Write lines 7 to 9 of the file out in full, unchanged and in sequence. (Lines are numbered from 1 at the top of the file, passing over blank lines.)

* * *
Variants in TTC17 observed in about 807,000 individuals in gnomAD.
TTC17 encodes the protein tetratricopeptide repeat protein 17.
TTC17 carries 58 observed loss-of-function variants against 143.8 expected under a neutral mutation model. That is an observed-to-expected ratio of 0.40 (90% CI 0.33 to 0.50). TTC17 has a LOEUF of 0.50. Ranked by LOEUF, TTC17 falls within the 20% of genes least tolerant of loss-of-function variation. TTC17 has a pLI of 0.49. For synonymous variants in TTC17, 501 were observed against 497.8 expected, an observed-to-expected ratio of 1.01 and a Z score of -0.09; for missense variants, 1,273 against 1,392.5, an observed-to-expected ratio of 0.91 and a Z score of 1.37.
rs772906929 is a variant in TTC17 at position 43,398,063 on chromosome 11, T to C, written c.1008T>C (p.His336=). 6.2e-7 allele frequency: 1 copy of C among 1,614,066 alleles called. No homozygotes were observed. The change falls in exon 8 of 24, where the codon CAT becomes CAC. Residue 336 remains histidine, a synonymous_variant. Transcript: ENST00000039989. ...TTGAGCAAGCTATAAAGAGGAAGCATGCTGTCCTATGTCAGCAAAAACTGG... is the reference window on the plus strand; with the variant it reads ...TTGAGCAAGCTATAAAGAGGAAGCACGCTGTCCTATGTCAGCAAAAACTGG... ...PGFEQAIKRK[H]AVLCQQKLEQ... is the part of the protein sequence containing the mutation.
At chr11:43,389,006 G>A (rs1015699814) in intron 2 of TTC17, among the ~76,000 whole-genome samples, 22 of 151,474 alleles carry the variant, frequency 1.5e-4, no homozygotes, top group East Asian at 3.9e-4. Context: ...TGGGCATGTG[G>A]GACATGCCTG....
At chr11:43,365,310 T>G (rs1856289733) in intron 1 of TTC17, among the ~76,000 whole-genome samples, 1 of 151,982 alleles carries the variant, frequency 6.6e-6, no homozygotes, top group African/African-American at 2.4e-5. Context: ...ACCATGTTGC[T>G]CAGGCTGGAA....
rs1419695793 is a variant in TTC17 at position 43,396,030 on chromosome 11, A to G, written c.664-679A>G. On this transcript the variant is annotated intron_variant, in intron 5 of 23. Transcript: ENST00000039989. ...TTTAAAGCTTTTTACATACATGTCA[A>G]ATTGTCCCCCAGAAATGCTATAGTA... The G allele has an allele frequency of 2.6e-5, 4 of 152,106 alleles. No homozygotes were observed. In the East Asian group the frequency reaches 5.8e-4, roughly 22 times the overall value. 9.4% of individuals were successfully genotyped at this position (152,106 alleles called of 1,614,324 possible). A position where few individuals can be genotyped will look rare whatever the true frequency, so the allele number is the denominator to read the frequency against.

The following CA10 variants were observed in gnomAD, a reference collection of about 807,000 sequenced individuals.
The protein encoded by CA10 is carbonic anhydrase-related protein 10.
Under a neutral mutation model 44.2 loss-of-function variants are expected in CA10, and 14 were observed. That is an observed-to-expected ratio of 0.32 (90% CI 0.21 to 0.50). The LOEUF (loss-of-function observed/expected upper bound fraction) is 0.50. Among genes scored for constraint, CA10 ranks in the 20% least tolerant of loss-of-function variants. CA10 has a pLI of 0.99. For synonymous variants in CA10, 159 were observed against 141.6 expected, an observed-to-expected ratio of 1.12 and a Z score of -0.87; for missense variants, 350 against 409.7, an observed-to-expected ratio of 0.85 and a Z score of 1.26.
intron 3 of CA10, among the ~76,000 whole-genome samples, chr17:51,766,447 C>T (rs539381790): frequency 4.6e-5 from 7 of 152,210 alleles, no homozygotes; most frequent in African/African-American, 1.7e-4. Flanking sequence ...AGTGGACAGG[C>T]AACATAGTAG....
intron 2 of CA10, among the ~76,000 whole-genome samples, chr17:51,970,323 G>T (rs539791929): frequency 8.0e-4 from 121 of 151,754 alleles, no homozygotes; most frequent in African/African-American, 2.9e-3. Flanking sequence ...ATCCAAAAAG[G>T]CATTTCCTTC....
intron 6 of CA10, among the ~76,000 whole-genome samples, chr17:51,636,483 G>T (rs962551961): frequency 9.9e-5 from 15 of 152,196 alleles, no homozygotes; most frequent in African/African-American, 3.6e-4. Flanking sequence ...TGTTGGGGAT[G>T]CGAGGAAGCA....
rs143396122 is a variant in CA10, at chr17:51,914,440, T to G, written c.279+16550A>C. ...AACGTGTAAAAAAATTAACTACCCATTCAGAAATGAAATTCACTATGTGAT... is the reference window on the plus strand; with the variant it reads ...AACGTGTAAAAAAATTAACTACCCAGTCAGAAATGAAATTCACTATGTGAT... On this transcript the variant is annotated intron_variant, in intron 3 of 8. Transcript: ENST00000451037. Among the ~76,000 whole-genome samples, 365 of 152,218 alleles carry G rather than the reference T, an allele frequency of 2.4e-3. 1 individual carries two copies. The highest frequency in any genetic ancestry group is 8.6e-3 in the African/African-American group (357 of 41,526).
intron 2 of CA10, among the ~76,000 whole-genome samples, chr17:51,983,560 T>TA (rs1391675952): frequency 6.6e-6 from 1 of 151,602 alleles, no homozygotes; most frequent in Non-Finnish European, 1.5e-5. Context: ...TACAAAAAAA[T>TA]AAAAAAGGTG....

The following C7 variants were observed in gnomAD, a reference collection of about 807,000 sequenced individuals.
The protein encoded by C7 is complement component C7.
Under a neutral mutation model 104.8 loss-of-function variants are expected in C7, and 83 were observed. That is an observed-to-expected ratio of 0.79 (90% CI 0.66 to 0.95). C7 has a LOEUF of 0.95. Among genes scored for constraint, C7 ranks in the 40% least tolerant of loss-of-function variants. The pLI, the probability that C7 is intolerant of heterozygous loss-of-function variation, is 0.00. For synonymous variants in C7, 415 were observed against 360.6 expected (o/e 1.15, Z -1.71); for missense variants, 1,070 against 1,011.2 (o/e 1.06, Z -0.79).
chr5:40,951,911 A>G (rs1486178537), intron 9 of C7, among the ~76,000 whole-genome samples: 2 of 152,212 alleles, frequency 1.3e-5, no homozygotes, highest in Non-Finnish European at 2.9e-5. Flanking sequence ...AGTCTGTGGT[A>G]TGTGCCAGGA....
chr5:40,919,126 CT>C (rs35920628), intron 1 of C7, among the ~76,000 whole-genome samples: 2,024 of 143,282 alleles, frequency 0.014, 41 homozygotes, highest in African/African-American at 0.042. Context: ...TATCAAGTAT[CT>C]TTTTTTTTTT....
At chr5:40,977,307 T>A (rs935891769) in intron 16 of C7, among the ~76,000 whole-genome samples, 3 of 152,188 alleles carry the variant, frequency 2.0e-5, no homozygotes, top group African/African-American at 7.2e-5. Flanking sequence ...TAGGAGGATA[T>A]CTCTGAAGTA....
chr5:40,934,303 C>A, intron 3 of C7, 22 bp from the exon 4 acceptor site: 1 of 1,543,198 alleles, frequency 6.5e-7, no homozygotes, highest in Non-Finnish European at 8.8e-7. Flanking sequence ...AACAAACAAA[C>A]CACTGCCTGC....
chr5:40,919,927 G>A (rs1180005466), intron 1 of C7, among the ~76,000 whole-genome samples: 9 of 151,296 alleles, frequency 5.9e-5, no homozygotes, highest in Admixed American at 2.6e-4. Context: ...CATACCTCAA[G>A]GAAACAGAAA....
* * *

rs1419695793 is a variant in TTC17 at position 43,396,030 on chromosome 11, A to G, written c.664-679A>G. On this transcript the variant is annotated intron_variant, in intron 5 of 23. Transcript: ENST00000039989. ...TTTAAAGCTTTTTACATACATGTCA[A>G]ATTGTCCCCCAGAAATGCTATAGTA... The G allele has an allele frequency of 2.6e-5, 4 of 152,106 alleles. No homozygotes were observed. In the East Asian group the frequency reaches 5.8e-4, roughly 22 times the overall value. 9.4% of individuals were successfully genotyped at this position (152,106 alleles called of 1,614,324 possible). A position where few individuals can be genotyped will look rare whatever the true frequency, so the allele number is the denominator to read the frequency against.

The following CA10 variants were observed in gnomAD, a reference collection of about 807,000 sequenced individuals.
The protein encoded by CA10 is carbonic anhydrase-related protein 10.